I found it surprising too!
A study of over 67,000 people who could join PepsiCo’s “Healthy Living” wellness program found that 7 years of participation in a “disease management” program resulted in a net savings — the cost of the program was less than the money saved by reduced healthcare costs. These sorts of programs are “aimed at helping people with chronic illnesses stay healthy, by educating them and reminding them to take medication” and “resulted in significant savings”.
Meanwhile, the wellness program’s “lifestyle management offerings, which aim to reduce health risks through programs focusing on weight loss or stress management, resulted in no net savings at all.”
As the NYTimes headline put it, “Study Raises Questions for Employer Wellness Programs.”
Researchers estimate that disease management lowered health costs by $136 per member per month, mostly thanks to a 29 percent reduction in hospital admissions. Lifestyle programs, however, had no significant effect on health care costs.
Other analyses have shown cost savings for lifestyle programs — perhaps, researchers said, because they looked at older programs that were introduced when habits like smoking were more prevalent and cholesterol-lowering drugs were just becoming available, so gains from intervention were greater. Another study at the University of Minnesota, with a design similar to the PepsiCo study, also found that savings resulted from disease management programs rather than lifestyle programs.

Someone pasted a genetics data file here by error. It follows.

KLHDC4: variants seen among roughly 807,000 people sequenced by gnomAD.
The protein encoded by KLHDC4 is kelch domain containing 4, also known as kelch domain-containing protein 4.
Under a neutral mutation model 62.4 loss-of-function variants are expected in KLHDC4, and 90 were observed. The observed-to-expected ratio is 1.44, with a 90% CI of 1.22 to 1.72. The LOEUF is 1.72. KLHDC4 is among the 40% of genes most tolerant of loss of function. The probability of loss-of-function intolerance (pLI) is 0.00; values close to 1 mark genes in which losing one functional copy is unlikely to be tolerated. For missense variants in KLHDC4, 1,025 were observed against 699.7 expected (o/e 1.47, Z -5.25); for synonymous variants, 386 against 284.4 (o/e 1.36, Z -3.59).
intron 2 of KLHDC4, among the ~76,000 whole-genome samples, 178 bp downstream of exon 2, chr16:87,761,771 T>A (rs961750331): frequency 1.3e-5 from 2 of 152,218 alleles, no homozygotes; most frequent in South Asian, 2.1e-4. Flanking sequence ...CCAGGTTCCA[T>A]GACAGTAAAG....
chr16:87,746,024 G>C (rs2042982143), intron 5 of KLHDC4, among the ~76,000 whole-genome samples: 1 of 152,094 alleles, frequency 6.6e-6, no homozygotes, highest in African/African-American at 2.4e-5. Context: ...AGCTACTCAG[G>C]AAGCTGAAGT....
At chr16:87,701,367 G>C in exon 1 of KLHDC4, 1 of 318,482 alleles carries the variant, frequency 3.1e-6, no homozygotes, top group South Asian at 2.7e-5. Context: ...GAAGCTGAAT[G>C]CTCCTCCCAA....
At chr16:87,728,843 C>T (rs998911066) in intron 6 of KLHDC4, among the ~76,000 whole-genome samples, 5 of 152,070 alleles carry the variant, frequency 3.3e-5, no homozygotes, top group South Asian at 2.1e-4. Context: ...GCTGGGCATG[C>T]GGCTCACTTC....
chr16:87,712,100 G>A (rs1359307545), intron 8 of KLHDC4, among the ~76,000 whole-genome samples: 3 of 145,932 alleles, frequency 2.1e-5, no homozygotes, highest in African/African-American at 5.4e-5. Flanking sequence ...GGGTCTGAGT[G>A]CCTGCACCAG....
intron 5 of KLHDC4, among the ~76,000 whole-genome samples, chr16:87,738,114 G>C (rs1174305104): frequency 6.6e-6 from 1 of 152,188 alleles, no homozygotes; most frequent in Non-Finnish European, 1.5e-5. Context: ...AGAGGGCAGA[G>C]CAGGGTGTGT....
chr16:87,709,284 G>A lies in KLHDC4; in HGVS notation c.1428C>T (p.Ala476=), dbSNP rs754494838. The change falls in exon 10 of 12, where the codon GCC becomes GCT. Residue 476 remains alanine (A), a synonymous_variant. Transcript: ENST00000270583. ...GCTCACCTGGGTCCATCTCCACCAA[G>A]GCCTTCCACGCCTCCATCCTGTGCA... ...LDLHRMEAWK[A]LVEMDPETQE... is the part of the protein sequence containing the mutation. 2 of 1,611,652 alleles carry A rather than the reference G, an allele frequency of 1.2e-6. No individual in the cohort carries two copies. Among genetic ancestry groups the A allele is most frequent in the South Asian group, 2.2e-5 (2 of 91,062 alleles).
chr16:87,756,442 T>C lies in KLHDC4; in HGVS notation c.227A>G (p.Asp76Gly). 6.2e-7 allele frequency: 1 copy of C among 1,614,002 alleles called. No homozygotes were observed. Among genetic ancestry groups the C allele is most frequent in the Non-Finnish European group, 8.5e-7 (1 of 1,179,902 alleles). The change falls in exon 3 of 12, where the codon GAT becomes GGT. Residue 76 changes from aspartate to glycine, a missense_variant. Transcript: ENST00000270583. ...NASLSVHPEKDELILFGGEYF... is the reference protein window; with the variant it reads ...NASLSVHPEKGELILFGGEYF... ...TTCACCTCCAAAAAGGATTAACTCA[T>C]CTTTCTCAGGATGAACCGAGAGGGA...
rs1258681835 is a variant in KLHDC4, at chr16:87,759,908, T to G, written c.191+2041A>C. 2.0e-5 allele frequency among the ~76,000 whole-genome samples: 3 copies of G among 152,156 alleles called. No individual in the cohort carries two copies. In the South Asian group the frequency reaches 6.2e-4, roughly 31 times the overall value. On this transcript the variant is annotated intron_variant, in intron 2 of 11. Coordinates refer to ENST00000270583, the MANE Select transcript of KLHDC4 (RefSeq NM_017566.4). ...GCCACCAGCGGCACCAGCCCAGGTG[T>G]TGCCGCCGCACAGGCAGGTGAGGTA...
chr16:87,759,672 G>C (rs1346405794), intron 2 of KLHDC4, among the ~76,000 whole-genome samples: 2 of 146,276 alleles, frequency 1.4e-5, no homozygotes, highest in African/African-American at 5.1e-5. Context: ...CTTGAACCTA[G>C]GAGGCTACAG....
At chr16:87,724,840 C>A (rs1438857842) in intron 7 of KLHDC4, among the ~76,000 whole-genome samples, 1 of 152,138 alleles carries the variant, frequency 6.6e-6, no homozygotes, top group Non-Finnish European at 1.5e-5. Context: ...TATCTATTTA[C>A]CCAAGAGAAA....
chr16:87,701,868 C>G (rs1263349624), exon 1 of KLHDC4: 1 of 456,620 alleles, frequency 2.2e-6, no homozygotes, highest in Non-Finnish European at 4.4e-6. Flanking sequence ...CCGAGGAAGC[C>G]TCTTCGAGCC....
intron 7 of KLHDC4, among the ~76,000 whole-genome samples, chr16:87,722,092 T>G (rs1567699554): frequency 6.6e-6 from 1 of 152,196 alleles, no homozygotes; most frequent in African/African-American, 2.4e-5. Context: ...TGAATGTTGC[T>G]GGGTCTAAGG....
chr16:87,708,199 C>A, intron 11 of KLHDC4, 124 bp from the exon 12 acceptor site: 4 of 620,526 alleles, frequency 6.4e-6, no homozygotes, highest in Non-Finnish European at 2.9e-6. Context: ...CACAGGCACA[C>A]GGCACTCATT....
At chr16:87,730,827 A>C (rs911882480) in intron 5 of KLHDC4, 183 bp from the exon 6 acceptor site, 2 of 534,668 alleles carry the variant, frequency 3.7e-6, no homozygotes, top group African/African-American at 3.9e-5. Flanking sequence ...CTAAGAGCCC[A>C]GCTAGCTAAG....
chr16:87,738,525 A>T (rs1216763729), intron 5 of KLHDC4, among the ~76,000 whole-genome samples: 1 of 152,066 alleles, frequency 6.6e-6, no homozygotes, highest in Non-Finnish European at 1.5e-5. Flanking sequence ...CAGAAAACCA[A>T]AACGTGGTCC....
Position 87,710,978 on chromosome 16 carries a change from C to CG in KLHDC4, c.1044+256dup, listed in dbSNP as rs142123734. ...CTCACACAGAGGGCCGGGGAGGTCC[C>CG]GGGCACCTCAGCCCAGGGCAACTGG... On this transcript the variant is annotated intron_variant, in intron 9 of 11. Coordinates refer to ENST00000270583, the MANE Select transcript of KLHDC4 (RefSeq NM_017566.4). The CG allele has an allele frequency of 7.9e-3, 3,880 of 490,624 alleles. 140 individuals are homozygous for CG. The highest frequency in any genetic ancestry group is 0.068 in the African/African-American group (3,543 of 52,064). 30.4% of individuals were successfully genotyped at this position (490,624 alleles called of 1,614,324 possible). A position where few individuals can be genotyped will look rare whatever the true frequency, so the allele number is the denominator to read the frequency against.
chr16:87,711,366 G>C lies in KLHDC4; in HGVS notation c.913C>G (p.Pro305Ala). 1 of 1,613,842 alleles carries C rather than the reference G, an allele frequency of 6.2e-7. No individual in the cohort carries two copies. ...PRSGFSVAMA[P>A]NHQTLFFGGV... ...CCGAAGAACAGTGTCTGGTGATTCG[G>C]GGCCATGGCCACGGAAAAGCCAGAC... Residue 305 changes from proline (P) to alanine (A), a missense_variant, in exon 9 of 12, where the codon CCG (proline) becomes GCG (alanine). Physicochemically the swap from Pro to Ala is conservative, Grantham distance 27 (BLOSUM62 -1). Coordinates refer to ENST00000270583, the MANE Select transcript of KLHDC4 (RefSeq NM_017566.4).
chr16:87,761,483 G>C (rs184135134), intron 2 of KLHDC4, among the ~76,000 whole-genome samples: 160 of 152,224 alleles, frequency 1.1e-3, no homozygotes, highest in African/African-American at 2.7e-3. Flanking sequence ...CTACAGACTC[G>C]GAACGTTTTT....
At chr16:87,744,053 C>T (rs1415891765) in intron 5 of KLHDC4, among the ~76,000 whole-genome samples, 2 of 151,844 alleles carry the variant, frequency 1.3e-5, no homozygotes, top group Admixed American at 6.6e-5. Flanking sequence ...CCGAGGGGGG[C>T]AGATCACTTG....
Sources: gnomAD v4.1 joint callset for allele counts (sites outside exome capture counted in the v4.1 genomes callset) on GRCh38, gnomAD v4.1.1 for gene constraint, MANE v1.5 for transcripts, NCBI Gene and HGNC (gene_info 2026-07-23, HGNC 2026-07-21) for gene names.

I note this article is in the “Business” section and focuses on dollars and cents and not the utter failure of weight loss programs or the paternalism inherent in businesses that offer stress management classes while overworking employees. I also note that a program focused on “educating people with chronic illnesses on their diseases and reminding them to take their medication” sounds a lot like actually treating the chronic illnesses so they don’t get worse. Heck, the paper’s title? “Managing Manifest Diseases, But Not Health Risks, Saved PepsiCo Money Over Seven Years.” What a concept!
But yeah: If you are in a position to discuss a potential “wellness” program with an employer, here’s some research on how weight loss programs don’t save money. May be useful.
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